By: ElleKay Fri, 10 Dec 2010 17:20:56 +0000 I won’t use PayPal again, and when it’s possible to use an alternative to Amazon, Visa, and Mastercard, I will use it. I regard it as outrageous that private companies who are supposedly in business to provide services to their customers should have the effrontery to try to prevent their customers making their own choices about who or what to spend their money on, because those companies would rather act as a branch of the State Department! (Or whichever bit of the US Govt is leaning on them.) In fact I had started out with mixed feelings about the activities of Assange and Wikileaks, but on hearing about the way that concentrations of public and private power are, frankly, abusing their powers to hound an inconvenient individual, my response is to want to make a donation to Wikileaks (for the first time) to stand against this Big Bullying Brother nonsense. Political and profit-making corporations acting like this need slapping down firmly and quickly.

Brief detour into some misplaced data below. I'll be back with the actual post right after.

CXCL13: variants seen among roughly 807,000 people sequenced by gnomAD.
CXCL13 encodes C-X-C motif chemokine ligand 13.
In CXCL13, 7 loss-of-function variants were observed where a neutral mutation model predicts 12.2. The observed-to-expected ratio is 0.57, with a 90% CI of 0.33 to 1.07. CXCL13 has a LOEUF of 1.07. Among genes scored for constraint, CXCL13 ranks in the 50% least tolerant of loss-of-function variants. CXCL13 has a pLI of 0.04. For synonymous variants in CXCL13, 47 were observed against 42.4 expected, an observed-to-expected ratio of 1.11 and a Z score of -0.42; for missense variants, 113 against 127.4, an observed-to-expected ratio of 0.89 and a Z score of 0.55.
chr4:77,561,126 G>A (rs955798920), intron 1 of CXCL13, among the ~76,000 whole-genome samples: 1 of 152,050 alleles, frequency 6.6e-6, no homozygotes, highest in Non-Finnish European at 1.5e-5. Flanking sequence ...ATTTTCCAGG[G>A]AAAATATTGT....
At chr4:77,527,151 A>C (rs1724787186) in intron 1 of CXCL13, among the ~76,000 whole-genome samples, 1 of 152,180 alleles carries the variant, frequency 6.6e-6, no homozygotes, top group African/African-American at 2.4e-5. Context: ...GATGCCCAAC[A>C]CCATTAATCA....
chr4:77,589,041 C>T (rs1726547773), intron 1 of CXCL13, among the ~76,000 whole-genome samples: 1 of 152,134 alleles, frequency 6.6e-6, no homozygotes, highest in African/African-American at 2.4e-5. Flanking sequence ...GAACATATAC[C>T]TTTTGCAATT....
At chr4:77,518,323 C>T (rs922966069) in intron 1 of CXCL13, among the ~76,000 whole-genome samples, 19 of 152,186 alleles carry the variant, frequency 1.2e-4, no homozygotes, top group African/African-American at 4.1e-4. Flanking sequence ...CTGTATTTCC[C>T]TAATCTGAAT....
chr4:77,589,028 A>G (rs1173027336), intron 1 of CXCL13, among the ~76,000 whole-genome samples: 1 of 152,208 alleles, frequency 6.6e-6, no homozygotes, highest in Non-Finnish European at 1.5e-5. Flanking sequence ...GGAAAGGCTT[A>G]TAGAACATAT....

By: uuugb Fri, 10 Dec 2010 16:44:21 +0000 “states that our payment service cannot be used for any activities that encourage, promote, facilitate or instruct others to engage in illegal activity.”
Freedom of speech is illegal according to Paypal!
I was a customer of Paypal for many years. Not any longer! Paypal is a company that acts unethically and pretends to be a Bank. What Paypal call “Acceptable Use” is just a cover up, and we all know that. Freedom of speech should not be a crime, not in the USA, or any other country.
If to be able to publish what our governments are doing is NOT consider “Acceptable Use”, we should not do business with such a company. Bye bye Paypal I hope I’m not alone on this decision.